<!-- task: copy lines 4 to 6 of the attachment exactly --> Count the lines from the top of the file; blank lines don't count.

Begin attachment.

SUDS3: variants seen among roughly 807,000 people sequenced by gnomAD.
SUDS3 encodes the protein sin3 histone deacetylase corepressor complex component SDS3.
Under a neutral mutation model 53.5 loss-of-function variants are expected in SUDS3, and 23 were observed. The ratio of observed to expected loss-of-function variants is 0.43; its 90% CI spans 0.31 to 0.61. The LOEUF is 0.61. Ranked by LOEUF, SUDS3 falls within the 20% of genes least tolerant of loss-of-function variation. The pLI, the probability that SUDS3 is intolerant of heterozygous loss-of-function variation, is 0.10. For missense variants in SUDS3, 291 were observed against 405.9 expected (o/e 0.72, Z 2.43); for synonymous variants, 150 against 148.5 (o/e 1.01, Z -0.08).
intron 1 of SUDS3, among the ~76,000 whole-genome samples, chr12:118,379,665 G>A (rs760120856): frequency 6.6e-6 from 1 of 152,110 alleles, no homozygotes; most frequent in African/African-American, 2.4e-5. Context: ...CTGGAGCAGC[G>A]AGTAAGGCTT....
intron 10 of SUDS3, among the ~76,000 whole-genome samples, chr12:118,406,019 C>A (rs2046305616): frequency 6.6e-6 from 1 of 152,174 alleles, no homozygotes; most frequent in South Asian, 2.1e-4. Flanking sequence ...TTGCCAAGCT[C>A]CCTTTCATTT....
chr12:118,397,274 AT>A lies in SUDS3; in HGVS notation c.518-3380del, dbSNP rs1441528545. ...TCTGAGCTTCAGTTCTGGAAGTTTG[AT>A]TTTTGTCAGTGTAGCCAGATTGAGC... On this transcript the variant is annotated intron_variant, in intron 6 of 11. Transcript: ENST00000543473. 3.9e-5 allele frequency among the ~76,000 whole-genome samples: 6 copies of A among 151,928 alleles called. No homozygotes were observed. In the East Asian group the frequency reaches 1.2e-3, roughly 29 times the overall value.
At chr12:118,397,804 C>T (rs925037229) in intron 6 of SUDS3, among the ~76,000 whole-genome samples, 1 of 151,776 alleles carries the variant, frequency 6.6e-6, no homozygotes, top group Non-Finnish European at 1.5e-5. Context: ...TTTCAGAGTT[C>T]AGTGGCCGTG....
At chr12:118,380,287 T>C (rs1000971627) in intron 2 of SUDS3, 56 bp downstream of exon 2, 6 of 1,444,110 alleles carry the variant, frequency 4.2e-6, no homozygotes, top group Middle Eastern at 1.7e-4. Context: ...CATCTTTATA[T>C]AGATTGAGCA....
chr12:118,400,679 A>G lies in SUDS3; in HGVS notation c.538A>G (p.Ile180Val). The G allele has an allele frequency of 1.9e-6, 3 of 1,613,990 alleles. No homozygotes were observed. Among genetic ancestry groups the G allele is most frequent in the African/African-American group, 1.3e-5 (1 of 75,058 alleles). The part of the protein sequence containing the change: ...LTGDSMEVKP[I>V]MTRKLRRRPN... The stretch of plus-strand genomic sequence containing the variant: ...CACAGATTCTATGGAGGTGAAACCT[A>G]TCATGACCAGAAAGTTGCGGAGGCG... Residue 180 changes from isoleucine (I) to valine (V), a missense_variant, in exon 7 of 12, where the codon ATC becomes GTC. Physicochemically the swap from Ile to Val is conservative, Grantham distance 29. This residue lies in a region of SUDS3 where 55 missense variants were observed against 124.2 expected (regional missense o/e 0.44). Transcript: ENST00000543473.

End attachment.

intron 1 of SUDS3, among the ~76,000 whole-genome samples, chr12:118,379,665 G>A (rs760120856): frequency 6.6e-6 from 1 of 152,110 alleles, no homozygotes; most frequent in African/African-American, 2.4e-5. Context: ...CTGGAGCAGC[G>A]AGTAAGGCTT....
intron 10 of SUDS3, among the ~76,000 whole-genome samples, chr12:118,406,019 C>A (rs2046305616): frequency 6.6e-6 from 1 of 152,174 alleles, no homozygotes; most frequent in South Asian, 2.1e-4. Flanking sequence ...TTGCCAAGCT[C>A]CCTTTCATTT....
chr12:118,397,274 AT>A lies in SUDS3; in HGVS notation c.518-3380del, dbSNP rs1441528545. ...TCTGAGCTTCAGTTCTGGAAGTTTG[AT>A]TTTTGTCAGTGTAGCCAGATTGAGC... On this transcript the variant is annotated intron_variant, in intron 6 of 11. Transcript: ENST00000543473. 3.9e-5 allele frequency among the ~76,000 whole-genome samples: 6 copies of A among 151,928 alleles called. No homozygotes were observed. In the East Asian group the frequency reaches 1.2e-3, roughly 29 times the overall value.